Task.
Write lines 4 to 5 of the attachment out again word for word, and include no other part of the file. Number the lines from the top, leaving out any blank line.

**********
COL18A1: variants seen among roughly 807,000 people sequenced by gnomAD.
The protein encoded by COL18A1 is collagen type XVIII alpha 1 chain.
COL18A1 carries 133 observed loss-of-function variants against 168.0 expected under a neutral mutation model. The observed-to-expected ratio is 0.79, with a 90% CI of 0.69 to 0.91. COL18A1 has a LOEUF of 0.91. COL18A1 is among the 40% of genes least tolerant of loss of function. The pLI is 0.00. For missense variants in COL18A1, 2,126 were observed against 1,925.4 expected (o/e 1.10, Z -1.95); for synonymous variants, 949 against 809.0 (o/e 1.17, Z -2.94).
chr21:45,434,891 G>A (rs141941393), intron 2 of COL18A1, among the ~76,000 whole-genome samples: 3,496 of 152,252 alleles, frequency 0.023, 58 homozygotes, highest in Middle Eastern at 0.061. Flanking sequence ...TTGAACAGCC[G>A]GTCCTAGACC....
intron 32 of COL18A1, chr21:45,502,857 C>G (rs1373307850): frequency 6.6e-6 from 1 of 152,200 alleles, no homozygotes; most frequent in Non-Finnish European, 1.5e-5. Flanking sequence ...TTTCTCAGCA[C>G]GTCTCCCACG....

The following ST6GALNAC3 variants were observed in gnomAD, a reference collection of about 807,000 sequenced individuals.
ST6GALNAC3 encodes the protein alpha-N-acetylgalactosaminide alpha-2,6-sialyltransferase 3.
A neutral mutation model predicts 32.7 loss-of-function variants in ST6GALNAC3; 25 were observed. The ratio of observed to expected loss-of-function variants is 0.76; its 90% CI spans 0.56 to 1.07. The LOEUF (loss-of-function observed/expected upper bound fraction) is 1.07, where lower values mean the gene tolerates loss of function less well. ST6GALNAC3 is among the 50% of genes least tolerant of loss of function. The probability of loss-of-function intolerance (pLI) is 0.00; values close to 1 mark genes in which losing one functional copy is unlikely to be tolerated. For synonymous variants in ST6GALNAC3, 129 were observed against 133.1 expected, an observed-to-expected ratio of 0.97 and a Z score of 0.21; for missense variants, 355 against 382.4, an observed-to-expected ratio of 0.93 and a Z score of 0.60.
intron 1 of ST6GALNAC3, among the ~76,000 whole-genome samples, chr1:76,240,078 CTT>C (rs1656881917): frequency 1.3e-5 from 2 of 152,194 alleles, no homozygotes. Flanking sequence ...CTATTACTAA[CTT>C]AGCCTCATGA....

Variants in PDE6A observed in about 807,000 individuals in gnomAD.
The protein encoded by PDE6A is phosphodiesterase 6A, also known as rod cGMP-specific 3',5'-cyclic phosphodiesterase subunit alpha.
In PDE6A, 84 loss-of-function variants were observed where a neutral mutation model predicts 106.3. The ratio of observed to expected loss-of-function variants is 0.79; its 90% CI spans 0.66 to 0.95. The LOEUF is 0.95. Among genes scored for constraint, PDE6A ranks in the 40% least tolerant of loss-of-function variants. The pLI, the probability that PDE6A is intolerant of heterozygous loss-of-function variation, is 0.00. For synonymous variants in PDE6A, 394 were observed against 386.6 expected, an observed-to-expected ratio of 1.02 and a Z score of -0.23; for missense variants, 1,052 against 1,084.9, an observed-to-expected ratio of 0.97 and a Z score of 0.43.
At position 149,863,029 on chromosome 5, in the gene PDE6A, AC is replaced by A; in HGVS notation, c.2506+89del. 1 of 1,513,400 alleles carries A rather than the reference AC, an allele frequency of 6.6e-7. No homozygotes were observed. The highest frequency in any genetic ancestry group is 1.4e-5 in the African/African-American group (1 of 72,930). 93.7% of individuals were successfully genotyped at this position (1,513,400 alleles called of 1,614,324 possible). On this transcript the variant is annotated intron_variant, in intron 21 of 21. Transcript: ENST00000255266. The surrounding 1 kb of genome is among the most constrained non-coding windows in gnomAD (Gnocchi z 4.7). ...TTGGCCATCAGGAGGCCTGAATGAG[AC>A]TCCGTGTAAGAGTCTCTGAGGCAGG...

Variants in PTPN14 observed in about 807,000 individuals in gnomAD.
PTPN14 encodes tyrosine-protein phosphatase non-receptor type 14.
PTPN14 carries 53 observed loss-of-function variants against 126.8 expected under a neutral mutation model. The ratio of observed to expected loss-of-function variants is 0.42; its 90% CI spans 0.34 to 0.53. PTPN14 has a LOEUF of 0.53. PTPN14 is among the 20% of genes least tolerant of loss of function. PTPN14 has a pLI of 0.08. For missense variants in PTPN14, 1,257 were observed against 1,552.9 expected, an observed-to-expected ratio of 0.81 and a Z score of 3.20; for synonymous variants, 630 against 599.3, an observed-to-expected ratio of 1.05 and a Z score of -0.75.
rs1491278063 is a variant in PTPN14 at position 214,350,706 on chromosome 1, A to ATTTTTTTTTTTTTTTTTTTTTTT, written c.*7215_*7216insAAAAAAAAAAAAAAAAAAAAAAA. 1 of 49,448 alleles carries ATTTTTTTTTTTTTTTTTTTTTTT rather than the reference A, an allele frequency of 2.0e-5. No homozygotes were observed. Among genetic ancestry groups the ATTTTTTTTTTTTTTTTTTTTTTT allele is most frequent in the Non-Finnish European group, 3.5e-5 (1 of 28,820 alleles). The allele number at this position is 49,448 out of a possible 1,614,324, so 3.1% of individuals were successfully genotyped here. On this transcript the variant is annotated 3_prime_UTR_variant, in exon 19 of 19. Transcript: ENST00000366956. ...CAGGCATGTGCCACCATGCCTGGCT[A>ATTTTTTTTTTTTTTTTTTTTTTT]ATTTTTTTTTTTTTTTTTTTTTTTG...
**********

chr21:45,434,891 G>A (rs141941393), intron 2 of COL18A1, among the ~76,000 whole-genome samples: 3,496 of 152,252 alleles, frequency 0.023, 58 homozygotes, highest in Middle Eastern at 0.061. Flanking sequence ...TTGAACAGCC[G>A]GTCCTAGACC....
intron 32 of COL18A1, chr21:45,502,857 C>G (rs1373307850): frequency 6.6e-6 from 1 of 152,200 alleles, no homozygotes; most frequent in Non-Finnish European, 1.5e-5. Flanking sequence ...TTTCTCAGCA[C>G]GTCTCCCACG....